Personally, I love HIIT because…
- it works really, really well to help my clients get fit really, really fast,
- it helps my clients drop excess body-fat really, really fast
- and because it is really simple to program HIIT workouts and it fits into the busiest of schedules really, really well.
Unfortunately, not everyone sees HIIT like I do.
There is a large group of trainers and fitness “experts” who…
- think that low intensity cardio is superior to HIIT for developing aerobic fitness, and
- fear that the High Intensity aspect of HIIT is dangerous to the health of their clients.
Their concern is that people with less than perfect cardiac function are at imminent risk of suffering a heart attack if their trainer puts them on a HIIT protocol. Which makes sense….if you haven’t read a medical journal in the past few years and still believe that low intensity cardio is the only safe way to improve cardiac function..
However, if you’re like me and don’t want to wait for our mainstream health & fitness to catch up with modern science, I invite you to…
1. Take a look at some of my articles about HIIT and Cardiac Function
- When it comes to HIIT – Quality trumps Quantity
- Stop Heart Disease with HIIT?
- Is High Intensity Exercise the Fountain of Youth?
- HIIT is Best for Burning Belly Fat
2. Take a look at the latest research investigating HIIT and building a healthy heart
In a study just published in the Journal of Science and Medicine in Sport, researchers tested the effectiveness of HIIT workouts to improve the VO2max/VO2peak of 112 patients with coronary heart disease.
Note – VO2max/VO2peak is considered to be the gold standard for aerobic ﬁtness, and aerobic fitness is believed to be the best indicator of cardiovascular health and a well-established predictor of total and cardiovascular mortality in subjects with and without coronary heart disease. This means that exercise protocols which drastically improve VO2max/VO2peak are to be seen as powerful tools to help the medical (and fitness) communities prevent coronary heart disease and extend life.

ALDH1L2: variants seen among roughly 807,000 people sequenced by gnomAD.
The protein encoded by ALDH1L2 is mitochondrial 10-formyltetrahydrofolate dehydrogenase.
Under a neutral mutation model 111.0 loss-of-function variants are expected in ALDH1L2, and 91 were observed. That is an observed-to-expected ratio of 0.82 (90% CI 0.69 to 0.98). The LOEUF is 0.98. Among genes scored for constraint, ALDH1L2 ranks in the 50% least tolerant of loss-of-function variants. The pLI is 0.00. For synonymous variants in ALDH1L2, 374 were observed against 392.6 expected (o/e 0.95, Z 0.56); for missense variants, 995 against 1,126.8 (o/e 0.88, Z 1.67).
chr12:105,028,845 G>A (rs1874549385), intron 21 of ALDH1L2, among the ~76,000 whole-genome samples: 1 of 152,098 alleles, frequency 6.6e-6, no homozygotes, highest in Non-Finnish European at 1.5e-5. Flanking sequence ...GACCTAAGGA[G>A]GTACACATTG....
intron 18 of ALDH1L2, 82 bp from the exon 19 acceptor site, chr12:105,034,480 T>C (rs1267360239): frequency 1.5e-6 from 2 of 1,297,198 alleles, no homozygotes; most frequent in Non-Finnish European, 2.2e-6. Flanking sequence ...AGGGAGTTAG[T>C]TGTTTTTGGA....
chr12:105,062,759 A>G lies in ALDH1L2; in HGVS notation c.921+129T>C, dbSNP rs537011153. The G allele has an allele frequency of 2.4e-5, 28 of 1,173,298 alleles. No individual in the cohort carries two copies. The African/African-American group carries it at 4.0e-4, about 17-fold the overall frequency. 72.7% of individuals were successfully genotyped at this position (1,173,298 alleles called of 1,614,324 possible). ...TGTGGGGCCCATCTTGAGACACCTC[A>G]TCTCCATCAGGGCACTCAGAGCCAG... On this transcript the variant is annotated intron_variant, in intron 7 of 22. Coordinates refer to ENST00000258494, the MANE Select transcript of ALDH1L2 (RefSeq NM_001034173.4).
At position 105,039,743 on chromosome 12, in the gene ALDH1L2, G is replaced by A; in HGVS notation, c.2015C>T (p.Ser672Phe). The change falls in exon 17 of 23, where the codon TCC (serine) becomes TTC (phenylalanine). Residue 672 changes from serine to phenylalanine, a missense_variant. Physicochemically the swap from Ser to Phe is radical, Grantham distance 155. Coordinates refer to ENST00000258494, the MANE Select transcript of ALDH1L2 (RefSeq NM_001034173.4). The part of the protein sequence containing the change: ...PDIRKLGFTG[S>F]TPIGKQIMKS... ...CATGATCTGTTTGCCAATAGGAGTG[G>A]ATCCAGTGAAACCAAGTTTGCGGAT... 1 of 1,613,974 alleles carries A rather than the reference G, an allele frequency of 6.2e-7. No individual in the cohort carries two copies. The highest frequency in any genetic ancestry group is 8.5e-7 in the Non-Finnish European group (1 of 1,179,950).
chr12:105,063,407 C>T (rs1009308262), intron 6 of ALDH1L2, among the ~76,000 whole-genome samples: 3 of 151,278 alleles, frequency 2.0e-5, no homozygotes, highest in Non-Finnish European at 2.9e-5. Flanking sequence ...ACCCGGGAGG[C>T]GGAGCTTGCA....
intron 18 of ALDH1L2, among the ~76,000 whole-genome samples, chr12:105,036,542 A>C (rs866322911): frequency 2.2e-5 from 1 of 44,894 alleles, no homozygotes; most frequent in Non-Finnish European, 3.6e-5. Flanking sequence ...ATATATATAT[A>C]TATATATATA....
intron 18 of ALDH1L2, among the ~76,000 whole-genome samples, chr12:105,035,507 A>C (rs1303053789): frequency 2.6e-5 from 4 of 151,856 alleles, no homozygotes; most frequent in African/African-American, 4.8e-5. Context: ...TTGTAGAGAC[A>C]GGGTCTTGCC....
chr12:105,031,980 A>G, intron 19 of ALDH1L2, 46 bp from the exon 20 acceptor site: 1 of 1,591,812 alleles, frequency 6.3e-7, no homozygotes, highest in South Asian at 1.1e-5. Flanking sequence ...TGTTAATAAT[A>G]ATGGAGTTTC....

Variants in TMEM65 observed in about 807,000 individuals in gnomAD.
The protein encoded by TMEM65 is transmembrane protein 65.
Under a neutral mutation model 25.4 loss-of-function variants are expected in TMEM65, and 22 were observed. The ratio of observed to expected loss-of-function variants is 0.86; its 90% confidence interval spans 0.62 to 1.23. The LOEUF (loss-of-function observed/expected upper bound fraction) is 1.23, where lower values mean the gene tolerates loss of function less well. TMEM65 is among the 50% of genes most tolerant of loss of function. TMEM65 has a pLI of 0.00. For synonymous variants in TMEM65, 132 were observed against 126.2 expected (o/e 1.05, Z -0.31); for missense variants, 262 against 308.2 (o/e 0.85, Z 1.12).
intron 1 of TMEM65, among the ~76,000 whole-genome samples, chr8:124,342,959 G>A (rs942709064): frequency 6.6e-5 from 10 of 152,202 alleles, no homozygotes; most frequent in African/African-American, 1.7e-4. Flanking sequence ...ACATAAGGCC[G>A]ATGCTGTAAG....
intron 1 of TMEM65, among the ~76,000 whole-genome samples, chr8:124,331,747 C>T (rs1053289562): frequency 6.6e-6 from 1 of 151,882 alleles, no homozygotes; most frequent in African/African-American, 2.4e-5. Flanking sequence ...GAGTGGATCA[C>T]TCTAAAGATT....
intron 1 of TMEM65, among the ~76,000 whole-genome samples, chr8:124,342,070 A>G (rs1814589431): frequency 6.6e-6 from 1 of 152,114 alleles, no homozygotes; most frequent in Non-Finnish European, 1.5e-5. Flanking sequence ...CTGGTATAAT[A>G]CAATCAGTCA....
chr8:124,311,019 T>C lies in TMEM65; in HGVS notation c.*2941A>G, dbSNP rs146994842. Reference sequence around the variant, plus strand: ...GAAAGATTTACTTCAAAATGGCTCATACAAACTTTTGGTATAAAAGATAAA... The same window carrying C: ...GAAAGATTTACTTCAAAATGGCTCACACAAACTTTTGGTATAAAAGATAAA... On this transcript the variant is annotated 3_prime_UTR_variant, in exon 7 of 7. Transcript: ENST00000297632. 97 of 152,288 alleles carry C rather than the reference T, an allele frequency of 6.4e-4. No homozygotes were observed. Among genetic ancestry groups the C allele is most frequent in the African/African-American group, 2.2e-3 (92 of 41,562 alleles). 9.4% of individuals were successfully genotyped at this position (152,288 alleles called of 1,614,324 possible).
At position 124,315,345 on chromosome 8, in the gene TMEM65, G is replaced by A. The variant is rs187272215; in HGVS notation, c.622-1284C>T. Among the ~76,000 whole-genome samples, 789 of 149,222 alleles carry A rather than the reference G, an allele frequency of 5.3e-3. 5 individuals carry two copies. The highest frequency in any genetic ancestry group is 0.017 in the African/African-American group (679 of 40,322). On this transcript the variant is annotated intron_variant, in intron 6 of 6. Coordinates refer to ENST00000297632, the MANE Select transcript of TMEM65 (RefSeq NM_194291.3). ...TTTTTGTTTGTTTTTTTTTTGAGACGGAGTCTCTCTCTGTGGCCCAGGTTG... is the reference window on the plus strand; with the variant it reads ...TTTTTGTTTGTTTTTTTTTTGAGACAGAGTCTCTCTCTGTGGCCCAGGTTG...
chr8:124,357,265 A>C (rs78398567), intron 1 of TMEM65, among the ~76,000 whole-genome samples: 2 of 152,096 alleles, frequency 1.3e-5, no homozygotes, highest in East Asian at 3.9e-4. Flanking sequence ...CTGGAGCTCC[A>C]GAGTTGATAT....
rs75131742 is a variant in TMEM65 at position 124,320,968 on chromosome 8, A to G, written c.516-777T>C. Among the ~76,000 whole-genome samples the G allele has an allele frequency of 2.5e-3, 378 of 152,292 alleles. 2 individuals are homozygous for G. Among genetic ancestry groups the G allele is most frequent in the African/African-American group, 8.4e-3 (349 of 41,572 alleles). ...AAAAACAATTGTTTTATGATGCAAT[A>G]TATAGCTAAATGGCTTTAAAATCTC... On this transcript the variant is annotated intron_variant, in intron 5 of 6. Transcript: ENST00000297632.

- 88–92%, and
- >92% of HRmax
The goal of the study was to determine if higher relative intensity during exercise intervals would elicit a greater
increase in VO2peak…leading to greater & faster improvements in aerobic fitness and in theory improve cardiac related mortality rates.
Here’s what happened
- No adverse effects occurred during training
- Overall, VO2peak increased by 11.9 % after 23.4 exercise sessions
- Higher intensity exercise groups showed the greatest increase in VO2peak
- 3.1 mL for the <88% group
- 3.6 mL for the 88–92% group, and
- 5.2 mL,for the >92% of HRmax group
These findings build upon previous research which shows that the beneﬁcial cardiovascular effects of aerobic exercise are intensity dependent, with higher intensity exercise showing a superior effect…leading the study authors to conclude that “CHD patients who are able to perform high intensity training should aim at increasing exercise intensity above 92% of HRmax and thereby possibly achieve even greater improvements in aerobic capacity”.
What does this mean for you?
- If you’re a CHD patient, you need to talk to your cardiologist about HIIT training…keeping in mind of course that CHD patients need to keep a close eye on how everything they do – exercise, nutrition, lifestyle, stress, etc – can impact the function of their CV system.
- If you’re not a CHD patient, it means that if you want to improve your aerobic fitness and avoid dropping dead of a heart attack, you NEED to start doing some form of HIIT – High Intensity Interval Training.
- And if you’re a doctor or fitness expert who still believes that low intensity cardio is the best way to improve aerobic function, you need to put down your preconceptions and pick up a scientific journal every now and then.
- Moholdt T, et al. The higher the better? Interval training intensity in coronary heart disease. J Sci Med Sport
- Rognmo O, Moholdt T, Bakken H et al. Cardiovascular risk of high- versus
moderate-intensity aerobic exercise in coronary heart disease patients. Circulation 2012; 126(12):1436–1440.
- . Kodama S, Saito K, Tanaka S et al. Cardiorespiratory ﬁtness as a quantitative predictor of all-cause mortality and cardiovascular events in healthy men and women: a meta-analysis. JAMA 2009; 301(19):2024–2035.